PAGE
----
DO NOT: Use the same name for a namespace and a class.
DO NOT: Use the underscore character

namespace DCOMEngineering.Windows.Deployment 
{ 
} 

David Anderson: Most of the time when naming a namespace I tend to use a brand name for the root instead of my company name. This allows me to reserve my company name for the future of any absolutely critical namespaces. In return I don’t have to do any major refactoring due to namespace collisions because of poor decision making early on. I think it is very important to give your namespace names some serious short-term and long-term thought before you call it set in stone.

Naming Classes

The following rules outline the guidelines for naming classes.

DO: Use Pascal case.
DO: Use a noun or noun phrase to name a class.
DO: Use a compound word to name a derived class. The second part of the derived class’s name should be the name of the base class, such as InvalidOperationException is an appropriate name for a class derived from Exception.
DO NOT: Use a prefix such as C or a suffix such as Class in the class name.
DO NOT: Use the prefix I unless the class is an interface.
DO NOT: Use the underscore character.

public class OperationsManager : Manager 
{ 
} 

David Anderson: Naming a class can be pretty difficult. Just like namespaces, give your classes some serious shortterm and long-term thought. Classes are more likely to encounter name collisions than namespaces, which in the event it does happen can be remedied by using namespaces and namespace aliases, but it’s best to avoid it, if at all possible. There are also exceptions to the conventions for naming a derived class, such as in the example of OperationsManager deriving from Manager. In the business world, both are an employee, so the convention is broken when your Manager class derives from the Employee class. In this situation, that’s okay, but don’t let this stray you from following convention.

Naming Fields

The following rules outline the guidelines for naming fields.

DO: Use Camel case.
DO: Use descriptive field names preferring a noun or noun phrase. Field names should be descriptive enough that the name of the field and its type can be used to determine its meaning in most scenarios.
DO: Use names that describe the fields meaning rather than names that describe the field’s type. DO NOT: Use reserved names as field names.
DO NOT: Use Hungarian type notation.
DO NOT: Prefix field names with _ or m_.
CONSIDER: Choosing a different name for a field if the current name is too long, and cannot be shortened without sacrificing the ability to easily identify the fields meaning.

public class OperationsManager : Manager 
{ 
    private Department department;
    private ICollection<Manager> managers;
    private decimal salary;  
    private SiteDirector siteDirector; 
} 

Naming Constructor Parameters

See Method Parameters.

Naming Events

The following rules outline the guidelines for naming events.

DO: Use Pascal case.
DO: Use a verb in the event name to describe the action the event represents, such as Changed in ProgressChanged or Clicked.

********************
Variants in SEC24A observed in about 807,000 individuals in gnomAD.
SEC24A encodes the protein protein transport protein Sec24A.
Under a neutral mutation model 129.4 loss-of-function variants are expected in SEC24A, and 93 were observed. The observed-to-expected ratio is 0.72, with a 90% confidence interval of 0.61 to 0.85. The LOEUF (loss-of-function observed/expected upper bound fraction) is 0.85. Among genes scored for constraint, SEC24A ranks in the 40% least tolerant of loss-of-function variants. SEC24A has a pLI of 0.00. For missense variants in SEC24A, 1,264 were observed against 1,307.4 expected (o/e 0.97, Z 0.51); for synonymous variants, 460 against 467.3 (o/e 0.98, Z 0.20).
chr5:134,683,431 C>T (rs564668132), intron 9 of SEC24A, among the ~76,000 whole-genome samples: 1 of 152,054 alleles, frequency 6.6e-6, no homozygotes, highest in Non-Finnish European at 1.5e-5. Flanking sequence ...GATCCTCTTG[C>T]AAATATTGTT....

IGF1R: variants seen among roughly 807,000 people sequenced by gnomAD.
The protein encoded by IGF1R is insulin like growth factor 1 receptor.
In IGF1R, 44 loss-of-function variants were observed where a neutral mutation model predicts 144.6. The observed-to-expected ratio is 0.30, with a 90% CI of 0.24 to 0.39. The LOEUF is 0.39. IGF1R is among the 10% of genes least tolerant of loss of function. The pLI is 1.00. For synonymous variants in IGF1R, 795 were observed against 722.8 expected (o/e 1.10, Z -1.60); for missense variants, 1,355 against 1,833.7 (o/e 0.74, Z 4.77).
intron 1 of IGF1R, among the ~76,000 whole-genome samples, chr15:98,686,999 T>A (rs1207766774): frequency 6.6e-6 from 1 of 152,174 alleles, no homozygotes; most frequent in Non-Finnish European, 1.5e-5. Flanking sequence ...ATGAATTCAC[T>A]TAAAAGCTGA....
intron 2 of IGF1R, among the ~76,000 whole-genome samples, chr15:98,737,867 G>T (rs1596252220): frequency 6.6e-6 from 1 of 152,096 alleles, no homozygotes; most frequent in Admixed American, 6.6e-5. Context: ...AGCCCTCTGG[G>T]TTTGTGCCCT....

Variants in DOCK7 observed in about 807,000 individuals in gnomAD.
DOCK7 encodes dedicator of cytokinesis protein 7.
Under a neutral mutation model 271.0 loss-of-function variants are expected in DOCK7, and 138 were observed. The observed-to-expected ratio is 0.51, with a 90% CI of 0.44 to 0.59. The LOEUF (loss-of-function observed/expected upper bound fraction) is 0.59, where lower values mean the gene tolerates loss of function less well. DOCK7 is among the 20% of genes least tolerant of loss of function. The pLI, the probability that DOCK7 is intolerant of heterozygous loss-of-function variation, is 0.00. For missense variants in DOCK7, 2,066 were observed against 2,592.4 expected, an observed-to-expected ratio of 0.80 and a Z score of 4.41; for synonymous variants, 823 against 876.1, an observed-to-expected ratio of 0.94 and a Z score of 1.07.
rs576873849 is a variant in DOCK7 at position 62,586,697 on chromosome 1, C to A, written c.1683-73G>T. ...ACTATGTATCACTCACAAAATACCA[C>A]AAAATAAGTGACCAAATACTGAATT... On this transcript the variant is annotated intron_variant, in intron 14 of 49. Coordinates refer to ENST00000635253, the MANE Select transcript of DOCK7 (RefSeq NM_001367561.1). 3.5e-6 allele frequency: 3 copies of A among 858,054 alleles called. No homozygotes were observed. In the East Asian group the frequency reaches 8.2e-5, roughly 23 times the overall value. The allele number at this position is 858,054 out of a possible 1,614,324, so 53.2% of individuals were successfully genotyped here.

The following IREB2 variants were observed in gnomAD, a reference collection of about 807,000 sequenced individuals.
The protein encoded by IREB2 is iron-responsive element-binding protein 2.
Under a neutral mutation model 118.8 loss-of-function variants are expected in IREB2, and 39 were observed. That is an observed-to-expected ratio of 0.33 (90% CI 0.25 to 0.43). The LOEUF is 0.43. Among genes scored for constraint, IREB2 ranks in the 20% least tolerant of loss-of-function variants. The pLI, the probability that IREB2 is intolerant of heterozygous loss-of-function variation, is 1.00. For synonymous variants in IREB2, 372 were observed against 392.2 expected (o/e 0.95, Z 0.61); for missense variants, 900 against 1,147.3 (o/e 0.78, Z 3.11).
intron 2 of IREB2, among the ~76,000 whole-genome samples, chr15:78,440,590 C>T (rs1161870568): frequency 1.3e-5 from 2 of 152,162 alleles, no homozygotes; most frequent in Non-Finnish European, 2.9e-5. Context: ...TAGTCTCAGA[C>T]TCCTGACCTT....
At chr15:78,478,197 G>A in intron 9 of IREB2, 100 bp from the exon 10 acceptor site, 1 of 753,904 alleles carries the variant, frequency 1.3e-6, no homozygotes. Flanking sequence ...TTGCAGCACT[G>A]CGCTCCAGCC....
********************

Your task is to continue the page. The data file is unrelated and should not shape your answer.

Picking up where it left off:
DO: Use a gerund (the “ing” form of a verb) if possible to create an event name that expresses the concept of pre and post-events such as in ProgressChanging and ProgressChanged.
DO NOT: Prefix an event with On or suffix an event with Event.

public class CustomerService 
{
     public event EventHandler CustomerCalling;
     public event EventHandler CustomerCalled; 
} 

David Anderson: Events are another construct that can be hard to name. I remember countless times when I was learning Windows Forms years ago where I would get confused about the order in which events fired. A case that comes to mind is a lot of the controls have both Resized and SizeChanged events. Without documentation it can be hard to deduce which one fires first without debugging it, and what if the order in which they fire could change? This is why it is important to name your events well and document them like we discussed in the previous sections.

It’s also worth noting that it can be hard to name events with pre-event and post-event in mind. Take the example in Figure 4. CustomerCalling is not actually a pre-event, it’s a current event, because you can’t technically know the exact time before a customer calls, until they call. It is a pre-event in the sense that it is a notification you can handle before the action of calling is allowed to continue, but is definitely something to keep in mind when naming an event, because how you name the event may be drastically different depending on the action. You can have an action where you can control when it is invoked, like calling method you know when pre-event takes place, but when you have an event you don’t control like an incoming request, the pre-event isn’t exactly known. For situations like I just stated you need to make sure your events are well-documented on how and when they are triggered so they can be properly consumed by developers.